Washington Monument State Park

Quick Facts

Washington Monument State Park

Maryland

(301) 791-4767

Map Directions

Things To Do

Overview

Washington Monument State Park is named for the first monument in the country erected to the first President, George Washington. A rugged stone tower was dedicated to the first president by the citizens of Boonsboro in 1827. Washington traveled through Western Maryland in his early years as a surveyor.

The monument makes it an ideal site for spotting migratory birds such as hawks, eagles and falcons. The peak time is mid-September.

The Appalachian Trail goes through the state park, and passes the base of the monument. The monument was added to the National Register of Historic Places on November 3, 1972.

There are youth group campsites available by reservation. The park lands offer picnic tables. Pets on a leash are permitted in Washington Monument State Park.

Map of Washington Monument (MD)

Latitude, Longitude: 39.496787, -77.620100

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Activities

  • Bird Watching

    The park offers superb birdwatching since the Cumberland Valley is a migratory bird flyway. Birding enthusiasts make an annual count of migrating hawks and eagles.

  • Hiking

    Most of the Washington Monument's hiking trail is part of the Appalachian National Scenic Trail. Visitors are welcome to hike the A.T from Maine to Georgia or for just a few miles. Those planning an overnight backpack outing can park at Washington Monument State Park for a few days. The Appalachian Trail is a footpath only. Mountain bikers can use the trails at Greenbrier State Park.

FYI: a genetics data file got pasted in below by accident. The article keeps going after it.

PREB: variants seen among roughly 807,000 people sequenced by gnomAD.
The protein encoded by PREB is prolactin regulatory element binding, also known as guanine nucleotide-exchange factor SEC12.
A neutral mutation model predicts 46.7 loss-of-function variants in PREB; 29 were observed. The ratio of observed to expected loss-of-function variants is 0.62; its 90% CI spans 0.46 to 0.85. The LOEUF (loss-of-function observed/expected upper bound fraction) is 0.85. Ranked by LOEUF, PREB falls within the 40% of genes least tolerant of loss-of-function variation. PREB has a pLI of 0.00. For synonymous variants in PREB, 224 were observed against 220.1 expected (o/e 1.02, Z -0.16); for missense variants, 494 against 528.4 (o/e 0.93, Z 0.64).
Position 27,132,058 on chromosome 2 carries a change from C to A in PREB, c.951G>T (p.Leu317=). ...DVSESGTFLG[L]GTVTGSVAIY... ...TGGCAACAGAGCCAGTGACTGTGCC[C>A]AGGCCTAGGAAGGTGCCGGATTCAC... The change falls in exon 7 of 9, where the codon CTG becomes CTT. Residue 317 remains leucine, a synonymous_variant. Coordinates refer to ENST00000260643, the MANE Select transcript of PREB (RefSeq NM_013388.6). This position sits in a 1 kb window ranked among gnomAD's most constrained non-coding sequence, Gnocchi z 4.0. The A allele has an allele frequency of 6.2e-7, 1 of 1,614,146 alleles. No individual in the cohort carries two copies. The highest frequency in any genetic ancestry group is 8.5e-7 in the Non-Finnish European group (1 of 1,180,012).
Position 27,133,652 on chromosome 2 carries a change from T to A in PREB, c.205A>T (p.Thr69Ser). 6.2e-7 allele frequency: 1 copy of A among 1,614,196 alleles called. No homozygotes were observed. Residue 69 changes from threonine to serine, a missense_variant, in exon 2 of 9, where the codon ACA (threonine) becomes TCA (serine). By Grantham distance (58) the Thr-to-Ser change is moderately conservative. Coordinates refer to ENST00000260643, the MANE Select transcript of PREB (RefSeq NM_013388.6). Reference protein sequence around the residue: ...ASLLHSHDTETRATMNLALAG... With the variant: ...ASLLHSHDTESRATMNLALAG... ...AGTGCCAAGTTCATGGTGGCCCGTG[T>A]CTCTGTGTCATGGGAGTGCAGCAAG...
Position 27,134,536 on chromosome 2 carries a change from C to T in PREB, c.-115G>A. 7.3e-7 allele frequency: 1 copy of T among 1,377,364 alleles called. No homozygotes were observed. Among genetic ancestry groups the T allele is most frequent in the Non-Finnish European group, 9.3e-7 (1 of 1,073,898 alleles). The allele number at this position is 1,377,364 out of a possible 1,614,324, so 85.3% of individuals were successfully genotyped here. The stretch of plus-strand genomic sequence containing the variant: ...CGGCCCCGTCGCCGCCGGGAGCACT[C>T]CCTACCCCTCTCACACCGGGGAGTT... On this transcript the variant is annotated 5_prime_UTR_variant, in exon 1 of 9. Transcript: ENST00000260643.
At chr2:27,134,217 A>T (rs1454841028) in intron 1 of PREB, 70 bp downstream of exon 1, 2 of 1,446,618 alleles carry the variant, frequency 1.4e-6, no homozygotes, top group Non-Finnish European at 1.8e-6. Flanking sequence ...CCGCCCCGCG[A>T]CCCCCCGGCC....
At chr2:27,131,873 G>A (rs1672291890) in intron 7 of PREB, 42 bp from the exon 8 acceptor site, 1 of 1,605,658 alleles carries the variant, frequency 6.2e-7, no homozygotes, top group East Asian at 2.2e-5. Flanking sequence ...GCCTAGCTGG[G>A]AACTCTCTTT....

• Historic Sites

    Built in 1827, it was the first monument to George Washington to be completed. The Baltimore Washington Monument was completed two years later, although it had been started considerably earlier in 1815. The famous Washington Monument in the District of Columbia was not completed until 1885. The stone tower was built and dedicated to the first president by the citizens of Boonsboro, Maryland on July 4, 1827. The tower is 34-feet tall and was built by the citizens of the village of Boonsboro.

    On July 4, 1827, most of the 500 inhabitants of the town assembled in the public square to build the monument. Initially, it stood 15 feet high on a base 54 feet in circumference. Plans were made to complete the tower to a height of 30 feet "after the busy season," and in the fall of that year this was done.

    In 1920, the one-acre site was purchased by the Washington County Historical Society, and in 1934 it was deeded to the State of Maryland for use as a state park. The tower was rebuilt in its present form by members of the Civilian Conservation Corps, who set in place the original cornerstone and a facsimile of the dedication tablet.

    The monument museum is open on weekends only in April and October, seven days a weeks from May through September and closed during winter months. It features artifacts related to the monument's history and the Battle of South Mountain.

  • Picnicking

    Picnic sites with tables and grills are available or you can rent a picnic shelter for your family or group. There is a multi-purpose field for pick up games and playground for children.

    Pavilions are by reservation.

Seasonality/Weather

The peak time for birdwatching is mid-September.

Directions

Driving

From points east: Washington Monument State Park can be reached off Interstate 70 westbound to Exit 49, MD Alternate Route 40. Travel westbound (turn left) on Alternate 40 for approximately nine miles. At the top of South Mountain, turn right on Washington Monument Road. After one mile, the road intersects with Zittlestown Road at a four-way stop. Go straight to enter the park.

From points west: Washington Monument State Park can be reached off Interstate 70 eastbound via Exit 35, MD Route 66. Go south on Route 66 (turn right) and travel approximately six miles to MD Alternate 40 in the town of Boonsboro. Go east on Alternate 40 (turn left) and travel approximately four miles to the top of South Mountain. Turn left on Washington Monument Road. After 1 mile, the road intersects with Zittlestown Road at a four-way stop. Go straight to enter the park.

Phone Numbers

Primary

(301) 791-4767

Links